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image of Journal of Arabic Literature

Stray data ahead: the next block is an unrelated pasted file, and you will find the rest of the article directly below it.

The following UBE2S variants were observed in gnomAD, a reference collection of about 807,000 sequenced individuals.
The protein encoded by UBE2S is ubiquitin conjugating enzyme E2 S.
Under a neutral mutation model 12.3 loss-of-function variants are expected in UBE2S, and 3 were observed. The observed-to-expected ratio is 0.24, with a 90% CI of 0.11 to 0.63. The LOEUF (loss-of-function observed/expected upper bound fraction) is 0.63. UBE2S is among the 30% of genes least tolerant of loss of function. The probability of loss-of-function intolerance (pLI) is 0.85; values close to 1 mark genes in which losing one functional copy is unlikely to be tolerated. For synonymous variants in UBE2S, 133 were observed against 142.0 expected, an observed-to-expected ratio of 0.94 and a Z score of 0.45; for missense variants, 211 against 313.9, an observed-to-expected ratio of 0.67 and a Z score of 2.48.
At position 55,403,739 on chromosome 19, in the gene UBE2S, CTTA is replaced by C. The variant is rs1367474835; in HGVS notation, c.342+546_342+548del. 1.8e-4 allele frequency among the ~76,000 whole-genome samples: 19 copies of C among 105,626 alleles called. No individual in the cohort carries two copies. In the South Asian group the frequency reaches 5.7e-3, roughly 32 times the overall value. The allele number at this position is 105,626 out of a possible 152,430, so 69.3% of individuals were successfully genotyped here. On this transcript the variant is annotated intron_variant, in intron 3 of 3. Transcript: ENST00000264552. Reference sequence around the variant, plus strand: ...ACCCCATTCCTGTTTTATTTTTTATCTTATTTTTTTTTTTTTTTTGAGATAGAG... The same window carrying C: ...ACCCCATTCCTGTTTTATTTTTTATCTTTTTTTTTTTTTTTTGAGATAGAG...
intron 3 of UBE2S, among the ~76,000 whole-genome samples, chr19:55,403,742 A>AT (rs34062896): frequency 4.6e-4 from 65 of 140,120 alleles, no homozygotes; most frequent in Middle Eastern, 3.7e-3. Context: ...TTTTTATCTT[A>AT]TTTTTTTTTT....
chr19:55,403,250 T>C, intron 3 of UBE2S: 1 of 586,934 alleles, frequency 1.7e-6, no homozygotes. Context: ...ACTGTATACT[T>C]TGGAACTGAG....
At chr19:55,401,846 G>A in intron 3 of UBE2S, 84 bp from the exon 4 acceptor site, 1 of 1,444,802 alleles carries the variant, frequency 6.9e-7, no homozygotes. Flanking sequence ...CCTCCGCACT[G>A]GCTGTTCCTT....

The text of Ibn Quzmān's Dīwān, mainly preserved in a unique Eastern MS, still contains passages that defy interpretation, in spite of several consecutive editions by Nykl, García Gómez and Corriente, either because of the copyist's inability to handle Andalusi items that were subsequently distorted, or on account of our own ignorance of the Andalusi lexicon and semantics, or of certain allusions made by the poet to minor social and historical events. In Dr. Jareer Abu-Haidar's recent book, Hispano-Arabic Literature and the Early Provençal Lyrics (Curzon, 2001), he has included a former paper of his with proposals to improve the edition and the understanding of some of those passages in ways that have met our approval in some cases, but not in most of them. When these cases of rejection of his proposals are analyzed, the reasons beyond their presumed weaknesses seem to lie either in his failure to accept that Ibn Quzmān intended to write in the local dialect, and not in any kind of debased or simplified Classical Arabic, or to acknowledge that he used a slightly modified Arabic metrical system, into which any reading proposal must fit. Nevertheless, Abu-Haidar's remarks have been a positive contribution towards a better understanding of Ibn Quzmān's text, which is of paramount importance to the whole subject of medieval Arabic stanzaic poetry.


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